The perceptions that stand behind our emotions have been twisted by sin. Our values are aimed at lesser things, and the members of our body habituate sinful patterns and tendencies that we struggle to even recognize. And yet, emotions are a pathway to what’s truly happening in us. The wise pastor will recognize this and seek to understand the emotions of those he shepherds.
I’ve lived and pastored near Detroit, Michigan for almost six years now. It’s a city that has rightly earned the moniker “The Motor City.” The automobile industry dominates our economy, and this goes well beyond the Big 3 automakers: Ford, GM, and Chrysler. Thousands of smaller companies supply the Big 3 with everything they need to build a new car or truck. From parts to marketing and everything in between, nearly everyone’s job is connected to the auto industry.
With this comes a genuine love for cars and a deep understanding of how they work. I’ve walked through the lobby of our church early on a Sunday morning and heard 3–4 guys engaged in a deeply passionate conversation about brake pads. We had friends from out of state come visit a few years ago, and their van started making some unusual sounds on the way to church. One of our guys went outside with them after the service, listened to the sound for a couple of seconds, and said, “You should be fine to drive home.” They were.
I envy this thorough knowledge of cars. I don’t have it and most likely never will. I can put air in my tires and, I think, if everything was on the line and I had no other option, I could probably change a flat tire. I couldn’t name all the parts that make up an engine and certainly couldn’t explain how they work together to move my car forward. Now, imagine for a moment if I applied to work for a local mechanic here in Detroit. I clearly wouldn’t be very effective, and if I imagined myself to be a competent mechanic, despite my lack of basic understanding of cars, I could cause significant problems for people.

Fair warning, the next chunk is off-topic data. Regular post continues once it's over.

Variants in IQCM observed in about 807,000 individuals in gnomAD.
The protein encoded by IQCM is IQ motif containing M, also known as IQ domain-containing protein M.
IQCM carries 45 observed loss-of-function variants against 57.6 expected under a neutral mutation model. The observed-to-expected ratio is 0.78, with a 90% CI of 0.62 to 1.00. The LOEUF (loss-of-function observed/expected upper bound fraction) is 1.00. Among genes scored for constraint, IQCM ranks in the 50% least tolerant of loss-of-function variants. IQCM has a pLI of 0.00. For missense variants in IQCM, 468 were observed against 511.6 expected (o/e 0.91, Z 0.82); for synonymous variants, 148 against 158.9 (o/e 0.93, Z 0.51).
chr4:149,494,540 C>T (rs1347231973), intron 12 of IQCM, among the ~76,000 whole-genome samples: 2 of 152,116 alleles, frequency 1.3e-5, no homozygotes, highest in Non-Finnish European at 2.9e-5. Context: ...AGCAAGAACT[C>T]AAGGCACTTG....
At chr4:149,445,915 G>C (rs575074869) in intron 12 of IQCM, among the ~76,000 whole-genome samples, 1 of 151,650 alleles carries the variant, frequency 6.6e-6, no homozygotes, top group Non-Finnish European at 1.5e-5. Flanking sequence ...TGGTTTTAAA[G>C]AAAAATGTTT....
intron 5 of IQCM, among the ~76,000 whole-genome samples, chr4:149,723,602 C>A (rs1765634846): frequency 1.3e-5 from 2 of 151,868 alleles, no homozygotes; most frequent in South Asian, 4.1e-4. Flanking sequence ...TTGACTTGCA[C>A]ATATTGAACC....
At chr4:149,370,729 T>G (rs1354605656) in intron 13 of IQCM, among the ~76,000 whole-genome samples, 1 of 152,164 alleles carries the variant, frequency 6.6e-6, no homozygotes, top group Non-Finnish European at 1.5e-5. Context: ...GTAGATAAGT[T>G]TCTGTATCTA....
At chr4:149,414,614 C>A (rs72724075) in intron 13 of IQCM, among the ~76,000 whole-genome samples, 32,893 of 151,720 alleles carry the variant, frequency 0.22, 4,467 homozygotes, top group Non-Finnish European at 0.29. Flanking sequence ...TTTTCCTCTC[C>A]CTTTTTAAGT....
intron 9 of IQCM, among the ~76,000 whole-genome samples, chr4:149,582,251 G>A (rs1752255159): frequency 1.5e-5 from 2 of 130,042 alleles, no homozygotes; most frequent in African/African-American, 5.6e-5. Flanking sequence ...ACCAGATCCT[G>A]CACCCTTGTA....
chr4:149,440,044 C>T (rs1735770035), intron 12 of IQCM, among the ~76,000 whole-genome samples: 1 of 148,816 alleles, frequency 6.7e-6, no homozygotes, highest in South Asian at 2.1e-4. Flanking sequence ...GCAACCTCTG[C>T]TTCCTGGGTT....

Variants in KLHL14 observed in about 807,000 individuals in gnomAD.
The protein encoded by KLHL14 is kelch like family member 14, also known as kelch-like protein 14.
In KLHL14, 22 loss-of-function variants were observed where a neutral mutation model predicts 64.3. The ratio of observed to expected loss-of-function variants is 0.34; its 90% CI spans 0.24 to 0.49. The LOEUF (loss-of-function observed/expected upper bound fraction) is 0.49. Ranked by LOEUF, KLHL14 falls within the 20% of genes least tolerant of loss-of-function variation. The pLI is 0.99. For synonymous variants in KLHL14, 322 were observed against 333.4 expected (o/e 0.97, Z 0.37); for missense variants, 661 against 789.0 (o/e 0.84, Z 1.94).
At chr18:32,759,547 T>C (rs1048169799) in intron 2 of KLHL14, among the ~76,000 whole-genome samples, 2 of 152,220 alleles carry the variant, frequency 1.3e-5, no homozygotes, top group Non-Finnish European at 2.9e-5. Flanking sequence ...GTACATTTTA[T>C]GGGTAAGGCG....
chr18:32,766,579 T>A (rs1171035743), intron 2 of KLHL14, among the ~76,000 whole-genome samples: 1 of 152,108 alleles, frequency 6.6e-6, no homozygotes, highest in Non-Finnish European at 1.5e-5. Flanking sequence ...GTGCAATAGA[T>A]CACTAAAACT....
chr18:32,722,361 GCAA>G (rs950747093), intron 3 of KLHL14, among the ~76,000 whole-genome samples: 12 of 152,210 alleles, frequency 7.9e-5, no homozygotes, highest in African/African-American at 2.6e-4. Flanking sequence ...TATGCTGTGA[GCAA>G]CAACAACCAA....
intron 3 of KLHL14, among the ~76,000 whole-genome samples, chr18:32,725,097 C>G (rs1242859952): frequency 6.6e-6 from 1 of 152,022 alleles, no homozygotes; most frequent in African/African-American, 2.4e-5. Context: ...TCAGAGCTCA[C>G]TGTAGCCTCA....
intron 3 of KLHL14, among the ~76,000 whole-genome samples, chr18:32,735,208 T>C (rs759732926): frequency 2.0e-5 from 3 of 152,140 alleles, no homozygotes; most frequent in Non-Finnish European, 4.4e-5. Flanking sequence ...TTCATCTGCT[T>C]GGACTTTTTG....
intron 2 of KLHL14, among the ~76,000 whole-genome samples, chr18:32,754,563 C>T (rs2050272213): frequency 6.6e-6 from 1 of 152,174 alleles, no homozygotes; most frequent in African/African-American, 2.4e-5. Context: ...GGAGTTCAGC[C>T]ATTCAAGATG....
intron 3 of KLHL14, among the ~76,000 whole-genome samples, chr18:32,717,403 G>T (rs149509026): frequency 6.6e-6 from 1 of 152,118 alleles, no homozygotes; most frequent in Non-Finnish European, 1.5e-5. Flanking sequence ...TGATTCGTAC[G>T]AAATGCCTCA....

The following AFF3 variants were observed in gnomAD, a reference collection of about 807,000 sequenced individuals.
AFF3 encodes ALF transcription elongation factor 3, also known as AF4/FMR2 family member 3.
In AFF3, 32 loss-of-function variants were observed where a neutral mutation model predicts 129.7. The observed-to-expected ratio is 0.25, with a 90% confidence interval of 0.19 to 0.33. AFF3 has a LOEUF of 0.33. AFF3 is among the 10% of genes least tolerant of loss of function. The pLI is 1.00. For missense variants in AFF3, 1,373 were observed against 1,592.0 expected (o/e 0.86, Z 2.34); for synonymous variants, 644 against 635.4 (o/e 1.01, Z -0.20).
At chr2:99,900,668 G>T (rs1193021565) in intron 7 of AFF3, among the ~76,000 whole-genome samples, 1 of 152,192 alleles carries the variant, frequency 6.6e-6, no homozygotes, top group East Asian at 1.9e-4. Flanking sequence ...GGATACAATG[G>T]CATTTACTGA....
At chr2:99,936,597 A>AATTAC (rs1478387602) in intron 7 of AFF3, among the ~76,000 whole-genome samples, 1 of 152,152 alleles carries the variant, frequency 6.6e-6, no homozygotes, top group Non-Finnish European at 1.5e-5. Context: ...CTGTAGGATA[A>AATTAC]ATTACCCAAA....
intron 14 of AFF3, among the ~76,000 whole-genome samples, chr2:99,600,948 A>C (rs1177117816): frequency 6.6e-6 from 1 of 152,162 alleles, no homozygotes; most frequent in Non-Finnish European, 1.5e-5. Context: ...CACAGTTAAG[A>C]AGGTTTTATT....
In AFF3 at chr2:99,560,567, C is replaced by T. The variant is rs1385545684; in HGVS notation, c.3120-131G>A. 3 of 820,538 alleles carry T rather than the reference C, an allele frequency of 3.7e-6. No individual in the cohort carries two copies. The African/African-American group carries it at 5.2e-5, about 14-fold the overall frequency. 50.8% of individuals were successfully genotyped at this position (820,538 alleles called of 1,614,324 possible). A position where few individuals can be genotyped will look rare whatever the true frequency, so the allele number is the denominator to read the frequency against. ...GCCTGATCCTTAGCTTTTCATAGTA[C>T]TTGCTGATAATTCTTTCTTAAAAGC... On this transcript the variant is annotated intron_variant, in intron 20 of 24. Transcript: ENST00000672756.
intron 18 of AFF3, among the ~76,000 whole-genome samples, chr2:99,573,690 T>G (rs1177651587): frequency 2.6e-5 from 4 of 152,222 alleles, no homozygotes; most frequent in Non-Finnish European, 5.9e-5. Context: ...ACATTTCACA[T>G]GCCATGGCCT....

Now, human beings are not automobiles. We aren’t mechanical creations; we are embodied souls. It’s also true that serving in pastoral ministry isn’t quite the same as working as an auto mechanic. We don’t simply assess a person’s problem and apply the right fix to make sure everything is running again. However, I believe that as pastors seeking to faithfully shepherd God’s flock, we need to have a thorough grasp of the human beings we shepherd. This means understanding one of the basic features of our humanity: emotions.
What are Emotions?
This is a question pastors need to ponder both as they shepherd others and as they keep watch over their own souls (1 Timothy 4:16). I would guess that, in recent years, most pastors have seen an increase in the number of people grappling with their emotions and how to handle them. We can’t counsel and shepherd those struggling if we don’t have a basic grasp of this important feature of our humanity.
The discussion over the nature of human emotions goes back to the Greek philosophers Plato and Aristotle and has typically swung between two poles. On the one side, emotions are defined as simple bodily impulses. We have little to no control over them and they are illogical. A modern example of this would be those who see emotions as nothing more than chemical reactions that produce physical results. On the other side, emotions are viewed as cognitive, coming from our perceptions and judgments concerning ourselves and the world around us.
Christians have generally understood the Bible to teach the cognitive view of emotions, and yet, Scripture presents human beings as complex creatures where mind, emotions, and body all work together to shape and influence one another.
Author Jeremy Pierre puts it like this, “No one should treat people as merely rational beings in need of instruction, nor as merely emotional beings in need of healing, nor as merely decision-makers who need the right motivation. The truth is broader than each of these.”1
The Bible describes humans as embodied souls (Gen. 2:7). We think, reason, feel, and act with our bodies and simply cannot do otherwise in this life. Matthew Lapine explains, “Because we are embodied beings, physicality always qualifies our agency. God formed us from the ground and enlivened us with his breath. We are not mere souls, but embodied beings. Our entire agency is qualified by physicality.”2